6. 1990′s — Lots of Fortran 90 written under HP-UX and VMS. Starting to use C to interface with hardware.

7. 1990′s — CDROM based “Multimedia” projects. Silly aquarium games. Very painful under Windows 3.11.

8. 1990′s — WWW, the internet, HTML, cgi-bin scripts in Perl. Spending lots of time configuring web servers.

9. late 1990′s — The dot-com boom. All web, all the time. Microsoft ASP (classic: VBScript). Learned COM, ATL to enhance big MS technology web servers.

10. 2000′s — Big non-Microsoft web technologies. Linux, Java, Tomcat, other application servers.

11. 2000′s — Post dot-com: back to Microsoft with .NET! Love it. Back to client applications.

12. 2000′s — back to the web: ASP.NET. Love it.

13. 2000′s — set your way back machine: A huge project pulls me back to ATL/MFC/C++. Coding like it’s 1990 (Vista systems).

14. 2000′s — Computer game technology: classic C++, wicked algorithms, cool deep technology stacks like rendering pipelines, AI, terrain.

Looking back, what have I learned? A lot and especially that not all learning pain is gain.

I have growing respect for technologies that have evolved and stand the test of time. Looking down the list the Internet, client applications, and web-connected applications ebb and flow but feel like they will be around for awhile.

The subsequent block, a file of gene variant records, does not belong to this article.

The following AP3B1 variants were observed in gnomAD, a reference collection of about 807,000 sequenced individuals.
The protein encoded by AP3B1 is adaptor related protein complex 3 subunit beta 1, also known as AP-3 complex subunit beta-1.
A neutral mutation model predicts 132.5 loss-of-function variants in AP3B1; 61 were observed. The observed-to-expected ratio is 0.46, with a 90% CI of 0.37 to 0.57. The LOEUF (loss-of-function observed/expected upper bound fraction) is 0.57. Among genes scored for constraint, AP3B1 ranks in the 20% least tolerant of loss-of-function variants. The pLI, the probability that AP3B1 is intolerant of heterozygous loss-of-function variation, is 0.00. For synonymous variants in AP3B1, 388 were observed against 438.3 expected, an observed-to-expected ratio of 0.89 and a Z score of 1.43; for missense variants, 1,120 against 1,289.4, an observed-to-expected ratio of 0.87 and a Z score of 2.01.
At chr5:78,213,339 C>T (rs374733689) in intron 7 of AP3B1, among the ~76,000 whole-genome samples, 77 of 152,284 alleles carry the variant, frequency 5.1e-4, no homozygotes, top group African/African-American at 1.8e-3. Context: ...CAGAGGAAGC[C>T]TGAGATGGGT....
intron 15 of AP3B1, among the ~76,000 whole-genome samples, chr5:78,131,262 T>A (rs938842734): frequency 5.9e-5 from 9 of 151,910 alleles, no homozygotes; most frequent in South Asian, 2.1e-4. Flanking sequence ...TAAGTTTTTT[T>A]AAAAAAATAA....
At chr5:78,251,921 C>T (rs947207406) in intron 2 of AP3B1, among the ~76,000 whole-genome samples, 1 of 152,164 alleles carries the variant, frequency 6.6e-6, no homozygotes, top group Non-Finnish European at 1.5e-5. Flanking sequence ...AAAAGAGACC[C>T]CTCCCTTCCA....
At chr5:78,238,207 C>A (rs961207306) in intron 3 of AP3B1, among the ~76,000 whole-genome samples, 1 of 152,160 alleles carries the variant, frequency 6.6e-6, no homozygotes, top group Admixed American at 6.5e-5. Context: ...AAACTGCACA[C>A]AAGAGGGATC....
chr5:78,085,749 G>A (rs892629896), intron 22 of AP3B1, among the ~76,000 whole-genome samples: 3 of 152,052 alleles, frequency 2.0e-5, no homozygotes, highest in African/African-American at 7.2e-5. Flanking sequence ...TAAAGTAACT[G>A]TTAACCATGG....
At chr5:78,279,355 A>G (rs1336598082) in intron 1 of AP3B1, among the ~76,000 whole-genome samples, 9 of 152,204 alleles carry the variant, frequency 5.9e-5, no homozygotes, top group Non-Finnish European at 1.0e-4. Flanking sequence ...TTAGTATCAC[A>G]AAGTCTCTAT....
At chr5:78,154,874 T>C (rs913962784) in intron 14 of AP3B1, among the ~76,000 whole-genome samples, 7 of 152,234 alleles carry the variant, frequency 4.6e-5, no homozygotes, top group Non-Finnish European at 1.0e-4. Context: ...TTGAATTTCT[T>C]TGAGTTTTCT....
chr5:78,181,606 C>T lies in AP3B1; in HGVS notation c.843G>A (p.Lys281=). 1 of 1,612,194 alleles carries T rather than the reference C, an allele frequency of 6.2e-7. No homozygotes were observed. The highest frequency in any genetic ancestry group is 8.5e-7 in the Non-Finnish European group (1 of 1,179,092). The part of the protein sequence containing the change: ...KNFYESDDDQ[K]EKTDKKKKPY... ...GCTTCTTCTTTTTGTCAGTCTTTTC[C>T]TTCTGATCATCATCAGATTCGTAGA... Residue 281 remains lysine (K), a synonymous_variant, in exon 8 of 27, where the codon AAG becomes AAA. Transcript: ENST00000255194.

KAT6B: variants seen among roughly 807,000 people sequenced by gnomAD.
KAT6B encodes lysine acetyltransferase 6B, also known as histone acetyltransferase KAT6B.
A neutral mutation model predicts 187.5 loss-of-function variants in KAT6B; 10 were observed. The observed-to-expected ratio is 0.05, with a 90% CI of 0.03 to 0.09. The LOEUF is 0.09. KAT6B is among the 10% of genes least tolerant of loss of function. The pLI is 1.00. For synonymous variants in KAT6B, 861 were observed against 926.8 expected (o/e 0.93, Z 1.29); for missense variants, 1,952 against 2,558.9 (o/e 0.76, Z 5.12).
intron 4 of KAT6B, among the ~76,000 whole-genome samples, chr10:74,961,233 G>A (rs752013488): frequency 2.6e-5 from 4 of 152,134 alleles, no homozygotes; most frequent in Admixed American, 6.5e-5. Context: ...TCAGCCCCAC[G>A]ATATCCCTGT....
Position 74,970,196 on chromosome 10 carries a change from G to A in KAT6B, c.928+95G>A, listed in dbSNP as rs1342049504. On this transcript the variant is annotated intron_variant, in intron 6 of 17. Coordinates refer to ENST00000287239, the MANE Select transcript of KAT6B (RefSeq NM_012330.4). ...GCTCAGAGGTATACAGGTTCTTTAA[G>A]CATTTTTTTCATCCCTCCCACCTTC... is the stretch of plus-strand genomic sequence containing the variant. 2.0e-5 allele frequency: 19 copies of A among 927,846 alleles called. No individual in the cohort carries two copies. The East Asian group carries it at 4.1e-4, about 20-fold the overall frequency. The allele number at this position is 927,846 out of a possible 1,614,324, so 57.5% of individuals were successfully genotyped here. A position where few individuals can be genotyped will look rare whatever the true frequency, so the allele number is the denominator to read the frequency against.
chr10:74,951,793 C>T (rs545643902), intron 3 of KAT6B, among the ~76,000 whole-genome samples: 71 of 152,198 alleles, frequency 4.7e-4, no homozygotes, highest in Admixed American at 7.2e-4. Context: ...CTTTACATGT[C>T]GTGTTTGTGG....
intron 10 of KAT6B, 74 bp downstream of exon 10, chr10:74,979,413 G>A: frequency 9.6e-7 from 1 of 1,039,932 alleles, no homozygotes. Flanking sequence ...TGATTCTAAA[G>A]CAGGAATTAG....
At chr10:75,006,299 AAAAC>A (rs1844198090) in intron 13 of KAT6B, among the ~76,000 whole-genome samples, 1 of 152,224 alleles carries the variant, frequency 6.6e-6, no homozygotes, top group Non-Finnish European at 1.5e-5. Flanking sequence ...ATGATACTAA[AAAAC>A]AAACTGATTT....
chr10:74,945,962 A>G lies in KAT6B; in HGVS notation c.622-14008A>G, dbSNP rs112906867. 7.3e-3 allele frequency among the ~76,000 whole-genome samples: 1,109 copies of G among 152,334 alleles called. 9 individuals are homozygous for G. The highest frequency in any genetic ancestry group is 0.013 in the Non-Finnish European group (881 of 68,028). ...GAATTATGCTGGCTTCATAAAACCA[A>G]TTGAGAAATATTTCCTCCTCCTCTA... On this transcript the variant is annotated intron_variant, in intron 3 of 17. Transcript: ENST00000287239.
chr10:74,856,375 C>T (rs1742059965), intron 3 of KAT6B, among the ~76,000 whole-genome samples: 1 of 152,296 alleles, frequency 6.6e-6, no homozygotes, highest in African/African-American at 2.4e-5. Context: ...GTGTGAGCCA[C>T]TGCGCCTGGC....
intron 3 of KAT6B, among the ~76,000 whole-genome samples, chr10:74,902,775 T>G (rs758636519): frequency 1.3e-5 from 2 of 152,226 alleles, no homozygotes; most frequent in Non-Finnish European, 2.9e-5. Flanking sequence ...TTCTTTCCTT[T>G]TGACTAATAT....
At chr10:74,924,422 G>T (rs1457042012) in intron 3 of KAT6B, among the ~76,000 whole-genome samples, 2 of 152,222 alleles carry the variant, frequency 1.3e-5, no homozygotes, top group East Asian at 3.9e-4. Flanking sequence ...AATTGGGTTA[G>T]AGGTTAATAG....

C++ is awesome. C#/.NET is way up there too. C# feels like C++ but someone has been in and tidied everything up. HTML has got to be one of the most ubiquitous formats on the planet.

Government computers and security settings

Posted in Essential Tools on May 7th, 2009

Recently we were asked to test our software on systems that had enhanced security settings. These are the result of (very) numerous configuration changes to the system so I looked around for some tools to help manage and apply these changes.

Bruce Schneier pointed the way on his recent post May 6, 2009
Secure Version of Windows Created for the U.S. Air Force

The Federal Desktop Core Configuration (FDCC) is described here.

Some nifty tools are at Blogs.Technet: Federal Desktop Core Configuration and Blogs.Technet: Utilities for automating Local Group Policy management.